Washington—Senator Dianne Feinstein (D-Calif.) and Representative Sean Casten (D-Ill.) today introduced the Addressing Climate Financial Risk Act, a bill that would improve the ability of federal regulators to understand and mitigate risks from climate change within the financial system.
Climate change is increasing the frequency and severity of wildfires, flooding, droughts and other natural disasters and extreme weather events. The damage and risk generated by these events – in addition to changes needed to transition to a cleaner economy – threaten to severely disrupt real estate values in high-risk areas, dramatically change whole sectors of the economy and make insuring against risk increasingly unaffordable. These trends, in turn, threaten the stability of the U.S. financial system, which is why it is so important to ensure financial regulators approach them in a comprehensive way.
“We can’t ignore the threat climate change poses to our financial system any longer,” said Senator Feinstein. “While we look for ways to keep reducing our carbon emissions, we must also prepare for the financial strain of climate change. Federal financial regulators need to understand this risk and develop a plan for ways to reduce it. The cost of doing nothing is too high.”
“Just because we’re in the middle of one economic crisis doesn’t mean we can afford to ignore the next one – especially a crisis that’s already ravaged communities from California to Texas and is projected to cost up to twenty trillion dollars a year,” said Representative Casten. “As we learned from 2008, financial crises have far ranging consequences. It is imperative that Federal financial regulators assess the risk and plan to combat it. The time to safeguard our financial system against rapidly accelerating climate risk was yesterday. The next best time is now.”
“This is an urgent, all hands on deck moment,” said Steven M. Rothstein, managing director of the Ceres Accelerator for Sustainable Capital Markets. “U.S. financial regulators must immediately address the systemic risk climate change poses to our financial system and take up the reigns of global leadership. This critical legislation enables that leadership while keeping our economy and our people out of harm’s way.”
In the Senate, the bill is cosponsored by Senators Catherine Cortez Masto (D-Nev.), Alex Padilla (D-Calif.), Brian Schatz (D-Hawaii), Elizabeth Warren (D-Mass.), Martin Heinrich (D-N.M.) and Jeff Merkley (D-Ore.).
In the House, the bill is cosponsored by Representatives Kathy Castor (D-Fla.), Nydia M. Velázquez (D-N.Y.), Emanuel Cleaver, II (D-Mo.) and Mike Levin (D-Calif.) and Delegate Eleanor Holmes Norton (D-DC).
In addition to Ceres, the bill is supported by the National Association for Latino Community Asset Builders, National Conference on Public Employee Retirement Systems, National Whistleblowers Center, UN Principles for Responsible Investment, Sierra Club, Union of Concerned Scientists, California Public Employees’ Retirement System, California State Teachers’ Retirement System, New York State Common Retirement Fund, Edison International, PG&E Corporation and Sempra Energy.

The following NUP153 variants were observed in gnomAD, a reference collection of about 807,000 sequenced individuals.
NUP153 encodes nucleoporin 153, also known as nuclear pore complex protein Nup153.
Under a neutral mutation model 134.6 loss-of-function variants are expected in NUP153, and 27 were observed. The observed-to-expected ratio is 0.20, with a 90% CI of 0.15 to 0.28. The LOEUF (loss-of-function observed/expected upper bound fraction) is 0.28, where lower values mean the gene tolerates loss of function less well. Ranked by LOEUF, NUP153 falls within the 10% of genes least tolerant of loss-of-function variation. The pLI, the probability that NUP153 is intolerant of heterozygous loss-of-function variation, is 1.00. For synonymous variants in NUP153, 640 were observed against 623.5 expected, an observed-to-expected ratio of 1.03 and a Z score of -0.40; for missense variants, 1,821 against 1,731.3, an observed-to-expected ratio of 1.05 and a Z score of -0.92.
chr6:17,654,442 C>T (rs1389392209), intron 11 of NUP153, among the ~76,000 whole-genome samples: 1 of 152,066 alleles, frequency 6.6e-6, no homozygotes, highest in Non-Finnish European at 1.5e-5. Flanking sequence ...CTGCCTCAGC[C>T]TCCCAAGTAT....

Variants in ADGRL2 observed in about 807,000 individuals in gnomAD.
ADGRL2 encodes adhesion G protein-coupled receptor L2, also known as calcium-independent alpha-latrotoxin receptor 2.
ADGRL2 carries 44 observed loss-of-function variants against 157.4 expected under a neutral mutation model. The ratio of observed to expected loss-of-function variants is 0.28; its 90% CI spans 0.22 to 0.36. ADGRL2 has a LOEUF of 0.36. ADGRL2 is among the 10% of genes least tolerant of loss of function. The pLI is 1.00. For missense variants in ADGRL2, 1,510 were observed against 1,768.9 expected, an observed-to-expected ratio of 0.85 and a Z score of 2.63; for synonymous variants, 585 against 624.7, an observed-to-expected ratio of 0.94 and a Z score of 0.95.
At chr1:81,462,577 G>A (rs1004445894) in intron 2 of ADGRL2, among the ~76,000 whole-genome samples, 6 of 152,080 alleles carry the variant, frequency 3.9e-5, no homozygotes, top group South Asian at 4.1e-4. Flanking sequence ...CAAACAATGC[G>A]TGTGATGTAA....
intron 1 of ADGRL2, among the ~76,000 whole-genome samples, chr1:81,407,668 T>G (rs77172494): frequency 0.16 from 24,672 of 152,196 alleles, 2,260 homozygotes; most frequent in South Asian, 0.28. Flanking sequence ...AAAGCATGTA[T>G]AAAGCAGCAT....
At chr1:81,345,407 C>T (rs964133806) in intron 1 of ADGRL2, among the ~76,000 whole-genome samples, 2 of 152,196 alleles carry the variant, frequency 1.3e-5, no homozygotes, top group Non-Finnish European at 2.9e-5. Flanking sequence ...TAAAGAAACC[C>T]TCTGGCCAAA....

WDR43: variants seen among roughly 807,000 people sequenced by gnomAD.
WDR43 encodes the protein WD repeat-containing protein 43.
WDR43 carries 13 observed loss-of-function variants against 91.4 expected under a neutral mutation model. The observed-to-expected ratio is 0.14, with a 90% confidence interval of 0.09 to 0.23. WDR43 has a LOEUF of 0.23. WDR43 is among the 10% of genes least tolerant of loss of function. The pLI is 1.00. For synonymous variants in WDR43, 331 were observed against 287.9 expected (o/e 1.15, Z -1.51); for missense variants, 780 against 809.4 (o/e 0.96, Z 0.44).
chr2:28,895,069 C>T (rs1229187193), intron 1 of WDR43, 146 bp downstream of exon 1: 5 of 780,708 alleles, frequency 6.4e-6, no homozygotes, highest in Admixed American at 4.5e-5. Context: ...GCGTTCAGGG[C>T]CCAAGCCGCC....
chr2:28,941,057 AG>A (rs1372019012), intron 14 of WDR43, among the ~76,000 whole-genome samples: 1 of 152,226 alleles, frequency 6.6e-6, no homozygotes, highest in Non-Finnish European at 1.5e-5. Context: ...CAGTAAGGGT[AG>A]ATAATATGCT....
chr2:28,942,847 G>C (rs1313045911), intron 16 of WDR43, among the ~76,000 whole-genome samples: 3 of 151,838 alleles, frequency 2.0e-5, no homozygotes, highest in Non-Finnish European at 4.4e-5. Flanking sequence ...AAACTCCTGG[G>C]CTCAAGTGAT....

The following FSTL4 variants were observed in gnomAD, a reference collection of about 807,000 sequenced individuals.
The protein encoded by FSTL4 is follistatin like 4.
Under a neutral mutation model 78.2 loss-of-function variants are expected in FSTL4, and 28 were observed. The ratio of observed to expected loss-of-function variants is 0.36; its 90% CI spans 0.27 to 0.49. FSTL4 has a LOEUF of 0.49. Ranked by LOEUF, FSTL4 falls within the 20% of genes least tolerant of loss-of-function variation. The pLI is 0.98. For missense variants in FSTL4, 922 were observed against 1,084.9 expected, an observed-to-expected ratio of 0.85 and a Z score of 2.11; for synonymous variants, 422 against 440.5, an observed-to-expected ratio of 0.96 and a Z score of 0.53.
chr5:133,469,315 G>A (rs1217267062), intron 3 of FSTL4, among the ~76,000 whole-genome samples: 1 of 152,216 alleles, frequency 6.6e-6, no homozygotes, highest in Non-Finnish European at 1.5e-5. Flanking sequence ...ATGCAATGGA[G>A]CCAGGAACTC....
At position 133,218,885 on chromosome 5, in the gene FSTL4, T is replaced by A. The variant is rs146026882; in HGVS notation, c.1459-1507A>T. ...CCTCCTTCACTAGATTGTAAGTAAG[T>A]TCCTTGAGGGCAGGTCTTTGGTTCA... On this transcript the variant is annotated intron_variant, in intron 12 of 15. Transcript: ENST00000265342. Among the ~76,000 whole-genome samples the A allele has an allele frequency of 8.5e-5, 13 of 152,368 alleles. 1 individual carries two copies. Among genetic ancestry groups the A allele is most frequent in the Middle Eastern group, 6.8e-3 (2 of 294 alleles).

Provisions of the Addressing Climate Financial Risk Act:
- Establish an advisory committee on climate financial risk: The bill would establish a permanent committee on the Financial Stability Oversight Council (FSOC) made up of experts in climate science, climate economics and climate financial risk. The committee would advise FSOC, including in producing a report that would include recommendations on how to improve the ability of the U.S. financial regulatory system to identify and mitigate climate risk.
- Update supervisory guidance on climate risk: The bill would require federal bank and credit union regulatory agencies to update their supervisory guidance to include climate risk and to develop a strategy to identify and mitigate climate financial risk.
- Update non-bank designation guidance: The bill would require FSOC to specify how it will incorporate climate risk into its decisions about whether to designate risky non-bank financial institutions as requiring additional oversight by the Federal Reserve.
- Require a Federal Insurance Office (FIO) report on insurance regulation and climate risk: The insurance industry is more directly affected by climate risk than other areas of the financial system. This provision would require the FIO to produce a report on how to modernize and improve climate risk insurance regulation in the United States. The report would be modeled on FIO’s 2013 report on modernizing state insurance regulation.
- Improve global coordination: Climate change is a global problem that requires international coordination. This provision would provide a sense of Congress that U.S. financial regulators should join the Network for Greening the Financial System, formally join the Basel Committee’s Task Force on Climate-Related Risk and work with international regulators on climate financial risk to the extent possible.